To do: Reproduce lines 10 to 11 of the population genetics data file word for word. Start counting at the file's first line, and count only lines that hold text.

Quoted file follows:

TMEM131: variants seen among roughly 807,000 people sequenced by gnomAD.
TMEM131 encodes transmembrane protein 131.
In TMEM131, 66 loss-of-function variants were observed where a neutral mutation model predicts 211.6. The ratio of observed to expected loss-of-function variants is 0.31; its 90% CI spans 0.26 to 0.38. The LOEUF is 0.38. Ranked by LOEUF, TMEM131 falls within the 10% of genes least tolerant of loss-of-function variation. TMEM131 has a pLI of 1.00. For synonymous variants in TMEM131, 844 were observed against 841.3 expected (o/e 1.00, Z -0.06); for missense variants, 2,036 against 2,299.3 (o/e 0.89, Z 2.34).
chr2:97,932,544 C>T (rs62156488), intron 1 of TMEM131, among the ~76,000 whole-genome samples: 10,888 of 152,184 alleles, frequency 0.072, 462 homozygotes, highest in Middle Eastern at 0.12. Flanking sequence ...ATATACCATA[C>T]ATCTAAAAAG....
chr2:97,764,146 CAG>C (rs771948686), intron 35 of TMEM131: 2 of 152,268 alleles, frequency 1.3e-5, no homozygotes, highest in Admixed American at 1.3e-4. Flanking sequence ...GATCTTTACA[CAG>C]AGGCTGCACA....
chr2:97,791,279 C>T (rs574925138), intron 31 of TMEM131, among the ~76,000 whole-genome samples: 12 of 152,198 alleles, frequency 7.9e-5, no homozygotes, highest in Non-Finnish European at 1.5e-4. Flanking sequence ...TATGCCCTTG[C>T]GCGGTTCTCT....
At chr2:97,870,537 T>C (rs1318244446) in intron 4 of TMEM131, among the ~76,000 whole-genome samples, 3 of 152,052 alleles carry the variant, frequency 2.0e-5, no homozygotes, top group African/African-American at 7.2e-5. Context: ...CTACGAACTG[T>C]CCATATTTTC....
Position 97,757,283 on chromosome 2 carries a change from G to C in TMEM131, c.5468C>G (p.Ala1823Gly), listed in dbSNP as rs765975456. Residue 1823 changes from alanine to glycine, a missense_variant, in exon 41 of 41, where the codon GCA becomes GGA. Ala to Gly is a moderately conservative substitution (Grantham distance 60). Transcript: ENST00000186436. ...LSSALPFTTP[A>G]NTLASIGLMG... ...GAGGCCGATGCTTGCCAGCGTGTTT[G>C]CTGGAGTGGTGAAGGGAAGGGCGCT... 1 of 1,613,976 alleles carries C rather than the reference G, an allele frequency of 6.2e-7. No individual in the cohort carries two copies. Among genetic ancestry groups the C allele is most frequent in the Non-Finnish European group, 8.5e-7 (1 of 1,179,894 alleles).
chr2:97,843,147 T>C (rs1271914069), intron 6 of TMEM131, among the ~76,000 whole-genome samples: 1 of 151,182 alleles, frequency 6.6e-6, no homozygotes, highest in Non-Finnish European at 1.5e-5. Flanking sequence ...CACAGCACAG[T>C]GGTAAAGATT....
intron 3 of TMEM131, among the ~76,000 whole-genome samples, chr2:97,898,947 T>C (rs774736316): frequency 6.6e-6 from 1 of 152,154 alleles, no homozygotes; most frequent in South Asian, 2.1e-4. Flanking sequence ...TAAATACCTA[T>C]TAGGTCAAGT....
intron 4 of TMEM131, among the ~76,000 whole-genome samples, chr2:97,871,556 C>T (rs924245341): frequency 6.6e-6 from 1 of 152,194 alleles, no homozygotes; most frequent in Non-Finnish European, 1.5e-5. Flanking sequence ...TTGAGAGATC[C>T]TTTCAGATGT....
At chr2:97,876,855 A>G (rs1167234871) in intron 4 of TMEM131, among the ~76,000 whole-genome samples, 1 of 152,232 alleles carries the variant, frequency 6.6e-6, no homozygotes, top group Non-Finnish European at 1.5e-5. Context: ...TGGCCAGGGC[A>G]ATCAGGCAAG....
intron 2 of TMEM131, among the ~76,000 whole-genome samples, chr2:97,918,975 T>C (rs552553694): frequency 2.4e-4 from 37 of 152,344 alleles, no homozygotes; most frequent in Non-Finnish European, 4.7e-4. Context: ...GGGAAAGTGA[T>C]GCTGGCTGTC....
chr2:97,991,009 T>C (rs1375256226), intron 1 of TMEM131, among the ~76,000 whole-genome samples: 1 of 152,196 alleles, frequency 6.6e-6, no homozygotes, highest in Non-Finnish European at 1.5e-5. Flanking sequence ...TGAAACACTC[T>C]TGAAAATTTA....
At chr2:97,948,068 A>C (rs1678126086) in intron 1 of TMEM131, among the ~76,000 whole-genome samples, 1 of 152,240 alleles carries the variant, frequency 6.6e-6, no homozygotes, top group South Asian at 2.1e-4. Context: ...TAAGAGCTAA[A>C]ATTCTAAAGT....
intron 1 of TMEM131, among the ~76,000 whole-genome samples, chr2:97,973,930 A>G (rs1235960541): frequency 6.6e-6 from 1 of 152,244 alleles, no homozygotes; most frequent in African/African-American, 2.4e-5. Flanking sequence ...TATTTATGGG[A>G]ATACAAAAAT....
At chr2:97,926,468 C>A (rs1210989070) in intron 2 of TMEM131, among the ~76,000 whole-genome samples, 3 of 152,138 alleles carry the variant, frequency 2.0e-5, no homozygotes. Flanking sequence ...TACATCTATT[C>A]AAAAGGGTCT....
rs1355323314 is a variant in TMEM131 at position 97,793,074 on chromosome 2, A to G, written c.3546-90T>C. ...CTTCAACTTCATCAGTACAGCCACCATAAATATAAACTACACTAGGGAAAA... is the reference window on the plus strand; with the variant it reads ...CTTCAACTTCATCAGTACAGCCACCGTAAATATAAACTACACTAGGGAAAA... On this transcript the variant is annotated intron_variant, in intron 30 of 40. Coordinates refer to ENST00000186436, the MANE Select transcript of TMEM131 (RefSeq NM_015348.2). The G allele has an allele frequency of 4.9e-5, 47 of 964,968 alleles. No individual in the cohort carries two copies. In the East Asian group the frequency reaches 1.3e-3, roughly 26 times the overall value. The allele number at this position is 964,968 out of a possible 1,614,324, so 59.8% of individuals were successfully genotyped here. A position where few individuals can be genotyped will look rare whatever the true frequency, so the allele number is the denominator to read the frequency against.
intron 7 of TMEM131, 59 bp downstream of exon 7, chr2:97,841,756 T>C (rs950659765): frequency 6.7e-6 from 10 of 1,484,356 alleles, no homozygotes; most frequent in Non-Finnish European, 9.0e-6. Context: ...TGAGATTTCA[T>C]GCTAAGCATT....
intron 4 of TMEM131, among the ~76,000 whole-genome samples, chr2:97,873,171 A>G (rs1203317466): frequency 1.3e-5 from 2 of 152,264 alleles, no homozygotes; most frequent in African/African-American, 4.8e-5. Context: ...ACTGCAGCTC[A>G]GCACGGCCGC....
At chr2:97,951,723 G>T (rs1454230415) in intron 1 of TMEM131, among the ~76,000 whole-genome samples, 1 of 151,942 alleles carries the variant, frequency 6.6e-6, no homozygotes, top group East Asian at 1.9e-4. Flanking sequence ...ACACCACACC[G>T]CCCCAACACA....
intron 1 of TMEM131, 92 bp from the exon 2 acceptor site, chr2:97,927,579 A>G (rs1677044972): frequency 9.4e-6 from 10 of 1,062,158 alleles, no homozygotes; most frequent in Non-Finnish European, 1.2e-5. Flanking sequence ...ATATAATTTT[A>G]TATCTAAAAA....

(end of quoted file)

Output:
intron 3 of TMEM131, among the ~76,000 whole-genome samples, chr2:97,898,947 T>C (rs774736316): frequency 6.6e-6 from 1 of 152,154 alleles, no homozygotes; most frequent in South Asian, 2.1e-4. Flanking sequence ...TAAATACCTA[T>C]TAGGTCAAGT....
intron 4 of TMEM131, among the ~76,000 whole-genome samples, chr2:97,871,556 C>T (rs924245341): frequency 6.6e-6 from 1 of 152,194 alleles, no homozygotes; most frequent in Non-Finnish European, 1.5e-5. Flanking sequence ...TTGAGAGATC[C>T]TTTCAGATGT....